What is brainspotting?
Brainspotting (BSP) is a technique used to gently process and heal trauma. According to its creator, Dr. David Grand, “What’s in the brain is in the body and what’s in the body is in the brain”. Traditional talk-therapy can be effective and valuable. However, brainspotting accesses the deeper parts of the brain where trauma is held, and allows one to process trauma without having to use the “thinking brain.” Oftentimes, this dramatically reduces the number of sessions needed to move through emotional and body-based conditions.
Brainspotting is also used to help the individual access their own internal resources for calming and grounding. Brainspotting was created in 2003 with the premise that “Where you look affects how you feel.” Since its creation, nearly 13,000 practitioners have been trained within the United States and internationally.
How does it work?
Talk-therapy accesses the front part of your brain (the neocortex), which is where language resides. This is where many people get “stuck” in therapy, because most often, our symptoms and problems can only be fully accessed through the mid-brain. This is referred to as “subcortical processing.” Brainspotting bypasses the neocortex and accesses the subcortical part of the brain that stores memories, emotions, and trauma. This actually creates new neuro-pathways in the brain, which is great news for those trying to create new patterns of behavior!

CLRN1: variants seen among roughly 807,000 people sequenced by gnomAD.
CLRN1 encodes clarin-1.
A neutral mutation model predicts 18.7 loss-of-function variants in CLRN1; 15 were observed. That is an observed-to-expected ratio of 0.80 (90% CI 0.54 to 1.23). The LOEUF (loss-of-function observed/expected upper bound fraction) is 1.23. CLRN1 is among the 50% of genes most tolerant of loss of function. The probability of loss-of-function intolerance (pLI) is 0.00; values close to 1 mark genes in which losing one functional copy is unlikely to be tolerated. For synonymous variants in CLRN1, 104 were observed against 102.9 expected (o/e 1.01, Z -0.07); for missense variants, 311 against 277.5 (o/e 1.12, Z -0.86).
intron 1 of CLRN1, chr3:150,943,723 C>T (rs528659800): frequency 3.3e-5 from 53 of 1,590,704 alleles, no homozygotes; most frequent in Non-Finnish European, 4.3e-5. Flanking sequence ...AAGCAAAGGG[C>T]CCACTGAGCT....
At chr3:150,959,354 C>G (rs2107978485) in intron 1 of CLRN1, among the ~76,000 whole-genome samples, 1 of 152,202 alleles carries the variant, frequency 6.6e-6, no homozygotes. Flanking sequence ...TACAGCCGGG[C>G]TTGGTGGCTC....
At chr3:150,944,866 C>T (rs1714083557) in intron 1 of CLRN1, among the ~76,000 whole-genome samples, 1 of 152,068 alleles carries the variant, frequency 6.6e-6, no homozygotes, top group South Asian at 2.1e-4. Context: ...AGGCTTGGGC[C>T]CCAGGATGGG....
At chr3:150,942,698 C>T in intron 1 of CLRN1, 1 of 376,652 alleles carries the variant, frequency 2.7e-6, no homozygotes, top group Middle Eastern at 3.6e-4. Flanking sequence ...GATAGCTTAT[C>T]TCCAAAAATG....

The therapist uses a “dual-attunement model,” where the therapist attunes to both the clients themselves as well as the client’s brain processes. Once the client begins to think about what they want to address, the therapist helps the client access a spot of activation using relevant eye positions. The therapist guides the client into a state of focused intention and the brain takes over from there.
Who does brainspotting work with?
The short answer is “everyone.” Brainspotting has been used with children, adolescents, and adults for a large range of issues, including but not limited to:
- Attachment disorders
- Obsessive-compulsive disorder and phobias
- Generalized anxiety
- Personality disorders
- Chronic pain